Why The 2020 Tokyo Olympics Will Be Like No Other

This Olympics is like no other in recent memory. Watching the games and sports be performed in front of thousands of empty seats has been an eerie experience. Fans were banned from the stands before the Olympics due to the ongoing coronavirus pandemic. With the rising anger in Japan over even proceeding with the games, one must wonder if anyone would have shown up even if they allowed fans in. From the start, these Olympics have been raising important questions. 

I have an eight-year-old daughter who can pay attention and watch the games in a way she wasn’t really able to with the 2016 Olympics. Watching them unfold through the eyes of a child has been fascinating. Trying to explain why the uniforms for beach volleyball were so different for men and women (they really shouldn’t be). Why Simone Biles stepped back from competition during the games (She needed to do what was best and safest for her well-being), why some athletes were breaking down in sadness at the end of their competition (The Olympics are only every four years, and one mistake means they might not ever get the same chance again), why some were breaking down in joy (They have poured everything into preparing for this one moment for years), they were all great questions. Many of them are questions our society at large will have to confront, hopefully without the yelling and the shouting and shaming that have become all too common. 

While it seems to me as I get older that the Olympics are getting more complicated and more used as a cultural battlefield than ever before, in reality, they have always been this way. The 1936 Munich games were supposed to be a showcase for Hitler; the 1920 Olympics were held in Belgium, a country that had been devastated in World War I, large portions of the world boycotted the Olympics in 1980 and 1984, and on multiple occasions, the games have been targeted for violence and peaceful demonstrations alike. Choosing to criticize Simone Biles, Megan Rapinoe because they are some new wave of “woke” athletes or are politicizing the Olympics is nonsense take given the history of the Olympics.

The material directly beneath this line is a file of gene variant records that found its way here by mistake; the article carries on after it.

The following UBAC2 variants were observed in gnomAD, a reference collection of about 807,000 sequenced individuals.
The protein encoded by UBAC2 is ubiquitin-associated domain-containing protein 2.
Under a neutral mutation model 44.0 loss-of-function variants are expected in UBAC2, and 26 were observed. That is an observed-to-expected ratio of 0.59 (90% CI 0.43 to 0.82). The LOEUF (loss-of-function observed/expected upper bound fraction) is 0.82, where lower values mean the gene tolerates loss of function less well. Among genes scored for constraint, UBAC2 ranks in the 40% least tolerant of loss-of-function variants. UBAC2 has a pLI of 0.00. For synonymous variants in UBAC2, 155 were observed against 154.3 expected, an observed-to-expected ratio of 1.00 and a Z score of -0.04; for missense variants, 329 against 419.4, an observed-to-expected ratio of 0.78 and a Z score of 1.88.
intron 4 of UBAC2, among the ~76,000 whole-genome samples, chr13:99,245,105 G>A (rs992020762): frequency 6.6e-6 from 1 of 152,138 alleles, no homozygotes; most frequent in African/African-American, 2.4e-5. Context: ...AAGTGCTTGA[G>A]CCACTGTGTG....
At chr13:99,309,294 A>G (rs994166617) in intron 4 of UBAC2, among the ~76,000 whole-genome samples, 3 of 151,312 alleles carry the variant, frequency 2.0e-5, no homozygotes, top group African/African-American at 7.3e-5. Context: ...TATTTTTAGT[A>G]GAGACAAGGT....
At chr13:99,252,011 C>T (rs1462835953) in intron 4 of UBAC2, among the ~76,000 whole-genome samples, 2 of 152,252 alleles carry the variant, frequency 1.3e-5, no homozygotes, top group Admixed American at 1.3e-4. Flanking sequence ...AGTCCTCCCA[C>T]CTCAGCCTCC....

The Olympics have always been politicized and commercialized. They have always been about demonstrating power or the ability to make money. In 2012, I was fortunate to cover the U.S Track and Field Olympic Trials, held at Hayward Field in Eugene and Portland. The field events held in Portland were not held at a stadium but the Nike campus in Beaverton. The parts of the trails that were not covered in American flags were covered in swooshes. Swooshes everywhere. Those who give money to the games hold considerable sway in what happens. The gold medal game for women’s soccer came very close to happen at the peak heat of the Japanese summer, with incredibly high humidity. This was because NBC held the broadcast rights to the events, and holding it at that time made for maximum television exposure.  Only when higher-ups took a barrage of criticism from participating athletes did they realize it may be a bad look to have an Olympic athlete collapse and die on camera. The event time was moved up to start earlier in the day. 

That the games even happened at all with no crowds, in the middle of a dangerous pandemic and in a host country where around 80% of the population was against them, speaks to how much money there is to be made for the International Olympic Committee, sponsors and television rights holders. 

The Olympics bring out the best of humanity and also its worst. As the flame goes out in Tokyo this weekend, the world will prepare for the 2022 Winter Olympics in Beijing, a country that perhaps best models the Olympics some would prefer to have with no voice from the local population at all and where any protests will most assuredly not be welcome. They will be followed by the 2024 summer games in Paris, a nation that is a melting pot of diversity and has a long history of protests and social change. What will those games look like? No one can tell, but they will both likely bring more questions that need to be answered. Uncomfortable questions. Hard questions. And we are all better off when those questions are asked. 

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About Ben McCarty 52 Articles
Ben McCarty is a freelance writer and digital media producer who lives in Vancouver. He can usually be found in his backyard with his family, throwing the ball for his dog, or telling incredibly long, convoluted bedtime stories. He enjoys Star Wars, rambling about sports, and whipping up batches of homemade barbeque sauce.